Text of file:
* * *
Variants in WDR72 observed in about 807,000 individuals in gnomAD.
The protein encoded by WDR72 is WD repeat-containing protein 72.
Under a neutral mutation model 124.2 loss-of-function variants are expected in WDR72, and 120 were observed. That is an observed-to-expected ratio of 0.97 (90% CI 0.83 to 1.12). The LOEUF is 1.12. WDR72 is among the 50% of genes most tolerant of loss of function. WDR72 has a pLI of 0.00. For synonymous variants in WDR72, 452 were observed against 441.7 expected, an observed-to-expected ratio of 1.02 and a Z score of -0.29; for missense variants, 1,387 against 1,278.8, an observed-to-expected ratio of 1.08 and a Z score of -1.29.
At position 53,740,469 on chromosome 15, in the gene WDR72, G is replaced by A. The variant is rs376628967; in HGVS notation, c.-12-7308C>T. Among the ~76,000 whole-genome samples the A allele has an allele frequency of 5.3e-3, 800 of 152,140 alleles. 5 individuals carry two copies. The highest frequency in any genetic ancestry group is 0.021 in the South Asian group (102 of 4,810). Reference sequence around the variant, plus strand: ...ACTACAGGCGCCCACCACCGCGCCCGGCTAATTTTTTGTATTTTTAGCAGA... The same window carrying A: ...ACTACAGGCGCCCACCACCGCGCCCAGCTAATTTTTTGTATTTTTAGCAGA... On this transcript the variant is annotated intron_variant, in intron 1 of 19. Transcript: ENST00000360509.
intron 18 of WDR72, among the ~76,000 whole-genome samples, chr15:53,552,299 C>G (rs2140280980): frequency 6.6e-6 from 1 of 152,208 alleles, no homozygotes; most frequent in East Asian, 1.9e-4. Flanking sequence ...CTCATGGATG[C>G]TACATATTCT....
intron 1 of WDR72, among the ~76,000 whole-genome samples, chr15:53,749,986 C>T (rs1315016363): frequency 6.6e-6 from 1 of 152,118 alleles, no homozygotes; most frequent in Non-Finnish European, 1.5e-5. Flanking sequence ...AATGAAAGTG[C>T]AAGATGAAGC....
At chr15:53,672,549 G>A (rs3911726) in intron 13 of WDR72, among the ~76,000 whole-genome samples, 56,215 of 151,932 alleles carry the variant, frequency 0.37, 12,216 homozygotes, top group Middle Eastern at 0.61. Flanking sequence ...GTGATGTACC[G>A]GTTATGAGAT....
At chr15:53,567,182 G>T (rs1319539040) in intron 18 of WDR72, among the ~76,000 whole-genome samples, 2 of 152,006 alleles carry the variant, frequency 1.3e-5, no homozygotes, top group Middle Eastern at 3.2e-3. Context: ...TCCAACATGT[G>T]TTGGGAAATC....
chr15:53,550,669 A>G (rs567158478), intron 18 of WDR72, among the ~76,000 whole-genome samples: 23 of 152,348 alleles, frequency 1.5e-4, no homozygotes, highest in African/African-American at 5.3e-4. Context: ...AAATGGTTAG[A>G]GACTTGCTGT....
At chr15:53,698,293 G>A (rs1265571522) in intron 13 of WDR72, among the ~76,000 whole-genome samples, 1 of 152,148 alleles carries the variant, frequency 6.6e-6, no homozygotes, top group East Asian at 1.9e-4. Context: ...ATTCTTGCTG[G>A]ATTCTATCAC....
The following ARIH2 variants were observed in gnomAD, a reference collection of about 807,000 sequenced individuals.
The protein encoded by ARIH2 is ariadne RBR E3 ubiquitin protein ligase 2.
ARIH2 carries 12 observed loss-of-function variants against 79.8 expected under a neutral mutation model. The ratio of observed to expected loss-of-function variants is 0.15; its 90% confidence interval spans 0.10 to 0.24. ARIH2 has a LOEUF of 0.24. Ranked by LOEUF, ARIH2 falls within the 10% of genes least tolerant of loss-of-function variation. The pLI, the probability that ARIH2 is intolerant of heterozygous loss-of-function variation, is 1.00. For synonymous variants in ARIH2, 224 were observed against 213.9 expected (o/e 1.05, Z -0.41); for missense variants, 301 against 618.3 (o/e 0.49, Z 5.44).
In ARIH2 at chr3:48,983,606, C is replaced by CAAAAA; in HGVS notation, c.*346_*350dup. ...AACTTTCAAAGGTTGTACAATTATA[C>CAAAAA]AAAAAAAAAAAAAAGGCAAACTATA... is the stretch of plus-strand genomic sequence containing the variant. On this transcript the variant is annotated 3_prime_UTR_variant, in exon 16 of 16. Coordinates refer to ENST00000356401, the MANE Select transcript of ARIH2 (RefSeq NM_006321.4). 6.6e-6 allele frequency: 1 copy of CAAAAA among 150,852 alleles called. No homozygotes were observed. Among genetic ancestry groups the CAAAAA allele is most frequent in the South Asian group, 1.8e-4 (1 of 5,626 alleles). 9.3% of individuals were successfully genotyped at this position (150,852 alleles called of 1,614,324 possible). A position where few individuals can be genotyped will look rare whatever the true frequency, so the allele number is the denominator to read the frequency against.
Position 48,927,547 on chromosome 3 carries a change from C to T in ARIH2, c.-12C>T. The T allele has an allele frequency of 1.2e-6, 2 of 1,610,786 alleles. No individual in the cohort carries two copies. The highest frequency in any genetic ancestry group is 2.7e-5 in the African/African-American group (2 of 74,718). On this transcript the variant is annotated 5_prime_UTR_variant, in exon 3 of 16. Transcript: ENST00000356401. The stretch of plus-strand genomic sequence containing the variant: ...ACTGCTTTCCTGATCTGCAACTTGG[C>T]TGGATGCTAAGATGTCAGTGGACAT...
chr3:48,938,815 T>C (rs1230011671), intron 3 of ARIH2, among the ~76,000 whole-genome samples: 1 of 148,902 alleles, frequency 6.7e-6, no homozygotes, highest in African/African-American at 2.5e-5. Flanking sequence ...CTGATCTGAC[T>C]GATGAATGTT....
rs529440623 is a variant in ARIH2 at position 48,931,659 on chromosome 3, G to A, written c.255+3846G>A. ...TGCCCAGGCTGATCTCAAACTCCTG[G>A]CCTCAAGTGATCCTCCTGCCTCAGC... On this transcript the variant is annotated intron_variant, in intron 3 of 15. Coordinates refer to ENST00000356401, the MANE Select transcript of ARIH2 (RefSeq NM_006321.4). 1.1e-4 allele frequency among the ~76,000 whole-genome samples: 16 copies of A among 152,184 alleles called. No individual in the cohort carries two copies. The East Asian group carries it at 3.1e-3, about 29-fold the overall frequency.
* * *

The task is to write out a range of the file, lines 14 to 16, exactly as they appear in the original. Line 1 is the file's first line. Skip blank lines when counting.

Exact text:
In ARIH2 at chr3:48,983,606, C is replaced by CAAAAA; in HGVS notation, c.*346_*350dup. ...AACTTTCAAAGGTTGTACAATTATA[C>CAAAAA]AAAAAAAAAAAAAAGGCAAACTATA... is the stretch of plus-strand genomic sequence containing the variant. On this transcript the variant is annotated 3_prime_UTR_variant, in exon 16 of 16. Coordinates refer to ENST00000356401, the MANE Select transcript of ARIH2 (RefSeq NM_006321.4). 6.6e-6 allele frequency: 1 copy of CAAAAA among 150,852 alleles called. No homozygotes were observed. Among genetic ancestry groups the CAAAAA allele is most frequent in the South Asian group, 1.8e-4 (1 of 5,626 alleles). 9.3% of individuals were successfully genotyped at this position (150,852 alleles called of 1,614,324 possible). A position where few individuals can be genotyped will look rare whatever the true frequency, so the allele number is the denominator to read the frequency against.
Position 48,927,547 on chromosome 3 carries a change from C to T in ARIH2, c.-12C>T. The T allele has an allele frequency of 1.2e-6, 2 of 1,610,786 alleles. No individual in the cohort carries two copies. The highest frequency in any genetic ancestry group is 2.7e-5 in the African/African-American group (2 of 74,718). On this transcript the variant is annotated 5_prime_UTR_variant, in exon 3 of 16. Transcript: ENST00000356401. The stretch of plus-strand genomic sequence containing the variant: ...ACTGCTTTCCTGATCTGCAACTTGG[C>T]TGGATGCTAAGATGTCAGTGGACAT...
chr3:48,938,815 T>C (rs1230011671), intron 3 of ARIH2, among the ~76,000 whole-genome samples: 1 of 148,902 alleles, frequency 6.7e-6, no homozygotes, highest in African/African-American at 2.5e-5. Flanking sequence ...CTGATCTGAC[T>C]GATGAATGTT....